To passphrase or not to passphrase? That one’s easy … don’t passphrase! It’s a great way to get your master keys loaded and your cryptographic infrastructure operational, but it's not such a secure way to run your business.
Typically, once your crypto environment is established and you’re running production work, you will change your master keys periodically, as specified in your local security policy. That process will be handled by a key management team or simply within the security group. The initial loading of the master keys might be handled by the systems programmers or the key management team.
First, some background. Historically, your System z secure key crypto hardware required that you load a master key before you could use that hardware. Secure key hardware provides tamper-resistant technology to protect your keys. If an attacker tries to attach a probe to the card to watch the electrons moving around and capture the contents, the card will detect that as an attack and wipe out the data and key material in the card before they can be compromised.
However, you sometimes need keys to leave that secure boundary. The most obvious example would be to store keys in a repository so you could decrypt a message at some point in the future. The secure key hardware relies on a master key to encrypt an operational key before it leaves the secure, tamper-resistant boundary of the card. (You can also use a key-encrypting key when it leaves the security of the card, especially if you’re sharing that key material with another party or system.)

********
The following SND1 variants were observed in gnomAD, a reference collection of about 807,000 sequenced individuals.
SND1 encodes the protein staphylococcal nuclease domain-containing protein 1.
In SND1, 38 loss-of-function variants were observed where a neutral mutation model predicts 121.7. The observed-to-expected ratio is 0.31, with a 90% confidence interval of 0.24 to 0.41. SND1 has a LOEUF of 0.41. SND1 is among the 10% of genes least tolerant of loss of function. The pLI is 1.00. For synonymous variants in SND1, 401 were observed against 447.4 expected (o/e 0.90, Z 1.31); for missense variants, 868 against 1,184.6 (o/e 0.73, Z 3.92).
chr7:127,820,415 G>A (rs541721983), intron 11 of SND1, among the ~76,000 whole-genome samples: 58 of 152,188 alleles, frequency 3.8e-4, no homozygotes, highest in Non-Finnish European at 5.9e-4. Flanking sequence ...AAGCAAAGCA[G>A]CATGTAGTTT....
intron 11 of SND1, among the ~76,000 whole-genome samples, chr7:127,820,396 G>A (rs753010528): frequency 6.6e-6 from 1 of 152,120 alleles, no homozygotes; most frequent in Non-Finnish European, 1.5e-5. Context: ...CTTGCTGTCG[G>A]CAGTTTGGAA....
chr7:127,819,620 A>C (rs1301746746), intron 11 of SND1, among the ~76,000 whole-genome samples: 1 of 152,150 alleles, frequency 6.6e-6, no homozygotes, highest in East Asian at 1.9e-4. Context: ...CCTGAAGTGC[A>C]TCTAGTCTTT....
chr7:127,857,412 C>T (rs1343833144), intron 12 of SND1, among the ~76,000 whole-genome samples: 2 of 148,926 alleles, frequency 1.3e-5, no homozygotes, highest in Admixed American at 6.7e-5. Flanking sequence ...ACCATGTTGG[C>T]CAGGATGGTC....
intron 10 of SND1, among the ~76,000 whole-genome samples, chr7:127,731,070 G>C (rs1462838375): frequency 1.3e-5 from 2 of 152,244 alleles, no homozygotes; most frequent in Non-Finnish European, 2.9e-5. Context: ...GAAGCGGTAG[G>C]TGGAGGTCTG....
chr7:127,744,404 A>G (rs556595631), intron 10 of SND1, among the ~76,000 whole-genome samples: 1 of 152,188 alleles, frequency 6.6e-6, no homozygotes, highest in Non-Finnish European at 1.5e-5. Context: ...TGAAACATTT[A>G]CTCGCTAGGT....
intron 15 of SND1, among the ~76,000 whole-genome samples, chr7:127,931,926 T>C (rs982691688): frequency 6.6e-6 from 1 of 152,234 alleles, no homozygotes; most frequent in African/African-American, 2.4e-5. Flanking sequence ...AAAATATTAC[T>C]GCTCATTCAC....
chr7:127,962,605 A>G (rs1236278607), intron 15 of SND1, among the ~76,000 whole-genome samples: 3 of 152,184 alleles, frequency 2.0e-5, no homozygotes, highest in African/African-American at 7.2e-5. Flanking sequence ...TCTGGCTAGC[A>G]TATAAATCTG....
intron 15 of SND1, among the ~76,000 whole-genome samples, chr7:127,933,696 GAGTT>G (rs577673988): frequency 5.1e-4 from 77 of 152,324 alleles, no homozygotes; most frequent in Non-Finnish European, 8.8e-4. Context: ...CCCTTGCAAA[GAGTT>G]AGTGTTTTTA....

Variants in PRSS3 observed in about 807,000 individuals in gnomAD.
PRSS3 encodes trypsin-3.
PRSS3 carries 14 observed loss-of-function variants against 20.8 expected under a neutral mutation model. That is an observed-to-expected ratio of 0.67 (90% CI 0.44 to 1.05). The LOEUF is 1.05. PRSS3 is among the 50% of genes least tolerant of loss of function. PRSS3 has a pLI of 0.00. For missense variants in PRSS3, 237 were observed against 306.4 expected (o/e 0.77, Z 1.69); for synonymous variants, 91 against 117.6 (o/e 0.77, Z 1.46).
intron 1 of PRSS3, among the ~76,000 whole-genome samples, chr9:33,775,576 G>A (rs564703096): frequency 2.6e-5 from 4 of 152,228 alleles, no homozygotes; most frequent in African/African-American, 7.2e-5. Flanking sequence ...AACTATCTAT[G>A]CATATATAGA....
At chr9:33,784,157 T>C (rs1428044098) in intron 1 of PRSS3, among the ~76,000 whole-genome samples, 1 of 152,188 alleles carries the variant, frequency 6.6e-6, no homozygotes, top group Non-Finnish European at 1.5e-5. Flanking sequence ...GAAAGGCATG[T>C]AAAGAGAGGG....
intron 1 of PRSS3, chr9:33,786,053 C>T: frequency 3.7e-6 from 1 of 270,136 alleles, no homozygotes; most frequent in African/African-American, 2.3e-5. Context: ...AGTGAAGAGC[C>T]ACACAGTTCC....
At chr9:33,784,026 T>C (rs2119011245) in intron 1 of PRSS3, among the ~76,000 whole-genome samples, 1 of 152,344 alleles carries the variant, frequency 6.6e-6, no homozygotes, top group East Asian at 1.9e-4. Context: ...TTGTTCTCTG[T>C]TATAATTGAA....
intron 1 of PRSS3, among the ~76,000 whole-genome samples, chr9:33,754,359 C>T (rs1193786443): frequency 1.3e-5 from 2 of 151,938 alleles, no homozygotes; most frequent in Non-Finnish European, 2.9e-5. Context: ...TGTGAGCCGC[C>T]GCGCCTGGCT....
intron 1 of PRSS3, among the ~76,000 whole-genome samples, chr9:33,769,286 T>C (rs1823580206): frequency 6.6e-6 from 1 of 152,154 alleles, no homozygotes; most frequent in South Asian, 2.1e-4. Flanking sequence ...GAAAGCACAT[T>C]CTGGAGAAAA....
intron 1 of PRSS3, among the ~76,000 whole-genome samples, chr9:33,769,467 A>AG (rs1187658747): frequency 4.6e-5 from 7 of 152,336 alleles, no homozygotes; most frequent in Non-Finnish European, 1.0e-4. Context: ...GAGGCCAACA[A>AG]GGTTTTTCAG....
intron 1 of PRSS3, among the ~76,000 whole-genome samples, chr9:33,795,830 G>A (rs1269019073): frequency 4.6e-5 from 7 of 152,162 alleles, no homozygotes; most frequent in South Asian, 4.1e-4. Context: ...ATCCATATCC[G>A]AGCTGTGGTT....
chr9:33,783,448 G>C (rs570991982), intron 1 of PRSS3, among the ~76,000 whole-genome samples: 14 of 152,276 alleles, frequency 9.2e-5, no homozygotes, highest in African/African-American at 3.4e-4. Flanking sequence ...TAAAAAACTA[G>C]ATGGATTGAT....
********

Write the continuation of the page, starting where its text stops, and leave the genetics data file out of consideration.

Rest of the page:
Methods for Loading Master Keys
IBM provides three ways to load master keys into the secure hardware on your z/OS System:
• Passphrase Initialization (PPINT)
• Integrated Cryptographic Service Facility (ICSF) panels
• Trusted Key Entry (TKE) Workstation.
Note: With Linux and the CCA Library for S390 Linux, IBM doesn’t provide a passphrase option; only the TKE Workstation and a panel type interface (panel.exe) similar to the ICSF panels on z/OS.
PPINIT provides a quick, easy way to get your crypto environment initialized and operational. The problem is that it isn’t the most secure method for establishing those master keys.
The TKE Workstation provides the most secure means for loading master keys. You can create multiple key parts on a secure key device inside this standalone workstation, then push those keys to the crypto cards on your host using a secure, encrypted connection. The downside of the TKE Workstation is that it’s another system you must manage (defining users, assigning their roles and granting their authorities), but it provides the most security for your key material.
The ICSF panels provide the means for implementing dual-key ownership of the master key and you can access the crypto hardware to load those key parts using ISPF panels in a Time Sharing Option (TSO) session. You should use a secure TN3270 emulator or other technique to encrypt the session; otherwise, the key material will travel across the network in the clear. Those key parts will at least briefly exist in memory in your TSO address space.